Man: Quinn and Cantara.
Cantara: It’s 1-800-LAW-1010, 1-800-LAW-1010.com. Paul Harding from Martin, Harding & Mazzotti on the horn today. Will Shelly Silver get the same treatment in his retrial as Bill Cosby? Will he be guilty? Can that happen, Paul?
Paul: Well, it certainly can happen. You know, the overturning of his previous case had to do with, sort of, kind of, a law that deals with federal services, so it was sort of a technical thing, and it sort of happened nationally. And so, the timing of his trial was really good. But, I get the impression that they’re gonna try the exact same case and not make many changes. They’re just gonna change the…what we call the “jury verdict sheet”, and what the jury is told, and how to apply the law.
Cantara: All right. So, back in 2015, he’s convicted of bribery, but then not long after that a judge narrows…or, the Supreme Court narrowed the legal definition of “public corruption”. So, that was a universal thing. That wasn’t the court working just for Shelly, was it?
Paul: Yeah, it wasn’t a Shelly thing, it was…probably involved Bob McDowell, you know, who was the…
Paul: Yeah. And so, that was the one, but the timing of that, and it also affected trials all over the country. So, the retrial’s gonna be pretty much like the first one, other than it seems like all the players have changed. So, all the lawyers are different, and… Other than the judge being the same, we’ve got lots of new people trying the case.
Cantara: What do you think his attorney meant during opening arguments when he said, “Being distasteful isn’t a crime”?
Paul: Well, their defense was always sort of, “This is the way business is done in Albany,” you know, that he would have…it would be allowed, that he would push certain things toward certain people, and then they would do certain things that would benefit him. But he was saying, “Listen, this is just the way things are done. Nothing out of the ordinary. There’s hundreds of thousands of examples exactly the same, so why are we picking on these two?”
Quinn: If you don’t know the answer to this, that’s fine, I just wanted to ask you this today with regards to the Cosby decision last week as well. The jurors came out and asked the judge for the definition, the legal definition, of “consent”. That’s what it was, it was consent, legal definition of “consent”. And the judge said, “No, you have to use your own common sense,” and then they went back and they found him guilty, and they used… What I read from one juror last…yesterday, they used his mannerisms and what they thought about him as part of the common sense. Does that make sense? Is consent not a legal definition, to consent?
Paul: Yeah, I saw that, too, and there absolutely is a legal definition for “consent” in terms of what age someone can consent. We know that that has to do with the different statutory rape components to it. But consent being, you know, did she…in this case, the Cosby case, did she consent to the interaction with him, or was she so overwhelmed by pills or other things that she just sort of got caught up in it. And so, the judge was saying, “Hey, use common sense as it applies to these facts.” This wasn’t a legal definition of consent because she wasn’t…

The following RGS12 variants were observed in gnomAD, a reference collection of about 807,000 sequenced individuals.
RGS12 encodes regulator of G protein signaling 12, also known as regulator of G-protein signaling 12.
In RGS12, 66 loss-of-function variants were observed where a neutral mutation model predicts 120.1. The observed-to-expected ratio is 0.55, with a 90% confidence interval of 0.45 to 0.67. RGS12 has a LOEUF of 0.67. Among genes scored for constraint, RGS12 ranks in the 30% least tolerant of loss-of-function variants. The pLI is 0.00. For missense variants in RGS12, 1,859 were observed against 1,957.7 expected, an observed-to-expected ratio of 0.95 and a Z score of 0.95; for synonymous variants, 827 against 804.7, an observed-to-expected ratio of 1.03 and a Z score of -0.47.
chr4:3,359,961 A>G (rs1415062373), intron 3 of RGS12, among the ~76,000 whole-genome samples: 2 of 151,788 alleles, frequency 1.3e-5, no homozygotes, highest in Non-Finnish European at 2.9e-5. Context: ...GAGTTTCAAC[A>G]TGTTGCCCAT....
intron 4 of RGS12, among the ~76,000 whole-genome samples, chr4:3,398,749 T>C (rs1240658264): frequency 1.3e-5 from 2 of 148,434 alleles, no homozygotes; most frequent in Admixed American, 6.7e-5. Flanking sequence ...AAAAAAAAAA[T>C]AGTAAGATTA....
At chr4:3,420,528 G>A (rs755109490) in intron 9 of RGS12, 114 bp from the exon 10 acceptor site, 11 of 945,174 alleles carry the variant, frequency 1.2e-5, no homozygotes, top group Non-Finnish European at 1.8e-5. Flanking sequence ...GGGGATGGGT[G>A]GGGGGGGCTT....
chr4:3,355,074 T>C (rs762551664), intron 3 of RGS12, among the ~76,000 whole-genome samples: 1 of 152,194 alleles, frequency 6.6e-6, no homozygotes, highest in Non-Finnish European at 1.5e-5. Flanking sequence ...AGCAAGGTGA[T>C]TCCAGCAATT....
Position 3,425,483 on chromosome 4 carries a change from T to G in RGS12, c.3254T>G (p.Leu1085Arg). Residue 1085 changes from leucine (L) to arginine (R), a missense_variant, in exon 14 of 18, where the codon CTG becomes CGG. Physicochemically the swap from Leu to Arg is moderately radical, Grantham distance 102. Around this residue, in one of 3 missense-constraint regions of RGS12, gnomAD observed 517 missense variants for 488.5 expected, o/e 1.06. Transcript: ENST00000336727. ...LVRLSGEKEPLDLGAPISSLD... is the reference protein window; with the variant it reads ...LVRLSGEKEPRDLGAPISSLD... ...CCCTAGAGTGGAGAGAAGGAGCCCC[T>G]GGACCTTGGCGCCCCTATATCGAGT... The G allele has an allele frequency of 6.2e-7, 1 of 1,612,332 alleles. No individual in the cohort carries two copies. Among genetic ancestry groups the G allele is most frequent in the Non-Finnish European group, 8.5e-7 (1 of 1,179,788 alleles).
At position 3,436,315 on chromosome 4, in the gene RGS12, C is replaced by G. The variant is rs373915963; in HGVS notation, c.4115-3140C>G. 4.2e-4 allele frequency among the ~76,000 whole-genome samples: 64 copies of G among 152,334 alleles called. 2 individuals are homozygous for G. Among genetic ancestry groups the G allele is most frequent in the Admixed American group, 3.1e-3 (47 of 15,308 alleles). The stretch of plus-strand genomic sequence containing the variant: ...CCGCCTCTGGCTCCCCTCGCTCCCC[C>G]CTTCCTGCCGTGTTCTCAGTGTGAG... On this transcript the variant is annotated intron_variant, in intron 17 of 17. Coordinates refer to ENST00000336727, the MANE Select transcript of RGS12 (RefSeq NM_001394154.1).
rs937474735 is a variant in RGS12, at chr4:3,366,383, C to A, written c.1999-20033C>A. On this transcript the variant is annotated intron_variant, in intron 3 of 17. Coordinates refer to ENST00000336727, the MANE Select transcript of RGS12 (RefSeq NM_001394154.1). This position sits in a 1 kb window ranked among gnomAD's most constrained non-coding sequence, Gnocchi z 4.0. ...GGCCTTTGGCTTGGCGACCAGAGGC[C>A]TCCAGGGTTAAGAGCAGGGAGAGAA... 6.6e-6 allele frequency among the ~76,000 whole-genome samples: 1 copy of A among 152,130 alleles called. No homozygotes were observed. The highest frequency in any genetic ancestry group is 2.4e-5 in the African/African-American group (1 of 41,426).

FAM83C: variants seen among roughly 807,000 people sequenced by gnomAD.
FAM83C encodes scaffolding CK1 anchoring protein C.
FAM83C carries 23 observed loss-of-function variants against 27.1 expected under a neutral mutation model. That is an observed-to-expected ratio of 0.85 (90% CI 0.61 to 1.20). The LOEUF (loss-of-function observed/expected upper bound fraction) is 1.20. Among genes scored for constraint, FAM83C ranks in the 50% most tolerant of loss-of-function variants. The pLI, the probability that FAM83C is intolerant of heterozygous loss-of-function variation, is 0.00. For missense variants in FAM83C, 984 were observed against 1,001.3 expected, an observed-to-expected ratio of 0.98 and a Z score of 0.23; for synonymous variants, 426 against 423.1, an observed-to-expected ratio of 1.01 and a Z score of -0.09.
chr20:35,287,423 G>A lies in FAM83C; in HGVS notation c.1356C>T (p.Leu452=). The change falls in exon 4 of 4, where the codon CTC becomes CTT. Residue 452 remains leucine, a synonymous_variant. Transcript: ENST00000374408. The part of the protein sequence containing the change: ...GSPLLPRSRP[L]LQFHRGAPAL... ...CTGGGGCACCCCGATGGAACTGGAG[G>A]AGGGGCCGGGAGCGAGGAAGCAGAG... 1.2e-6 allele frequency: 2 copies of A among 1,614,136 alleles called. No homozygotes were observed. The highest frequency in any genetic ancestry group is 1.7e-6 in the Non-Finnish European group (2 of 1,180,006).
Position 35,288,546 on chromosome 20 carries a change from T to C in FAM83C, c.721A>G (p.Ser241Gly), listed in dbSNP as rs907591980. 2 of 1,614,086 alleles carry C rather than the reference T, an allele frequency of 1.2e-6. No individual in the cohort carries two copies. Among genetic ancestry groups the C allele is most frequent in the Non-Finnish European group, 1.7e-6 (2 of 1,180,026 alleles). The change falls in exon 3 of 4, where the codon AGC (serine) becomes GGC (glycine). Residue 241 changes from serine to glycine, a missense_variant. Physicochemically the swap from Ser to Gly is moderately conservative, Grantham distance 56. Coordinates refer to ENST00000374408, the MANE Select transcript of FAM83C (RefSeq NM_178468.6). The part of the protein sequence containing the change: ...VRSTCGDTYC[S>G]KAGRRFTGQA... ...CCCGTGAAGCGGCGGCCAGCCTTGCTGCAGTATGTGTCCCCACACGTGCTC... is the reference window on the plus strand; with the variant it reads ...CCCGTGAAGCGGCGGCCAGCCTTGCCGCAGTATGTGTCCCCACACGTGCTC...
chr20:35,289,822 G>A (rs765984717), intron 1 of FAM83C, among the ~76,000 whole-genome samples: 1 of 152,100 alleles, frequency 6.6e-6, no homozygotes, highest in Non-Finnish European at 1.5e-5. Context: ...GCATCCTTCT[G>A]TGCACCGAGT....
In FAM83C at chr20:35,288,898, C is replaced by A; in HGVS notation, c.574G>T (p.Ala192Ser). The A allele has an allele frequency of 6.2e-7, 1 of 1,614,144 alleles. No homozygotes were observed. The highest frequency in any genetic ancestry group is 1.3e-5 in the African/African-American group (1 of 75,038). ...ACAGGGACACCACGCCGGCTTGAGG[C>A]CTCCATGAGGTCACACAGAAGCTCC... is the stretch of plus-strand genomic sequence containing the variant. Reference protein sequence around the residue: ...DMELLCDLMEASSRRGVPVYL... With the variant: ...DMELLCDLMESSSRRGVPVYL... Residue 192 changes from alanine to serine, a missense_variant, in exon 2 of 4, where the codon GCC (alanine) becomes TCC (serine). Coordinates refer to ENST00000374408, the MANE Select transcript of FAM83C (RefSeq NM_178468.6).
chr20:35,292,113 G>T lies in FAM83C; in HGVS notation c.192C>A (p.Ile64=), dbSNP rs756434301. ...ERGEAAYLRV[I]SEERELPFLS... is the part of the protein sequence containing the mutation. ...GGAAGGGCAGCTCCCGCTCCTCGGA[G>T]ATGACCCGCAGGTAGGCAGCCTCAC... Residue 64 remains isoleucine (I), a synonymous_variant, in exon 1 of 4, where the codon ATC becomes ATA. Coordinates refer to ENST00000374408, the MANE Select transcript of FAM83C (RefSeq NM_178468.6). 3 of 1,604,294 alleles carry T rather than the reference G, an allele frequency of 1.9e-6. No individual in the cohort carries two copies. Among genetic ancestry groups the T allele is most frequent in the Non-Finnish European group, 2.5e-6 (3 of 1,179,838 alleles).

Paul: Yeah. So, but it can get real confusing, and so often what we…what the judge wants is the jury to use their common sense, because the law just says, “Here are the rules. You guys decide if they’ve been violated.”
Cantara: But with your common sense, I mean, I don’t know… There’s no witness to any of that, that’s the problem, right? So, it’s…
Cantara: Words are just words.
Quinn: Yeah, exactly. Yeah. So, I don’t know, I thought that was what was the nail in the coffin for Cosby, is allowing the jurors…because then you read the story about them, you know, going and judging him on his mannerisms like you would judge anybody on Facebook or on the TV.
Paul: Yeah, they’re just watching. They’re watching the defendent the entire time, from the time they enter the court room and, you know, they watch and they listen. And really, it does come down to applying law with common sense. It’s sort of the basis of these, you know, juries and what they’re to do. But, if they don’t understand what the law is, that’s when the judge has to give definitions.
Quinn: All right.
Cantara: It sounds like… From what I’m hearing from you, Paul, back to Shelly Silver’s second trial here, that it’s more of the same. So, do you expect the same result, meaning him to walk, him to be free?
Paul: Yeah. No, I think it’s gonna be… Well, again, who knows, but my guess is that there’s enough there that they’re gonna find him guilty of the two things that they’ve laid out, and now we’re gonna have a sentence. And this time, I don’t think the Supreme Court’s gonna come to the rescue.
Cantara: What kind of sentence could he get for this?
Paul: Boy, you know, it depends. He’s 74 years old, that’s always a consideration in sentencing when you’re a little bit older, the same with Cosby. But, you know, it would certainly be…he could get that 8 to 12, or 6 to 10, or something like that, where you serve at least the minimum. But, when you’re 74, you know, that starts to get…come close to…
Quinn: Right, yeah.
Cantara: You ain’t got time for that.
Quinn: Close to the end zone there.
Cantara: Yeah, right. I don’t wanna punch it in, let’s take a knee and sit out here at the 2-yard line.
Cantara: All right. Well, thanks for breaking down, like I said, one of the big stories, Shelly Silver’s second trial here. We’ll see what happens. They’re back in court today.
Quinn: Awesome. Thank you, Paul, appreciate it.
Paul: Thanks, guys, talk soon.
Quinn: 1-800-LAW-1010, 1800law1010.com. Paul Harding right there from Martin, Harding & Mazzotti.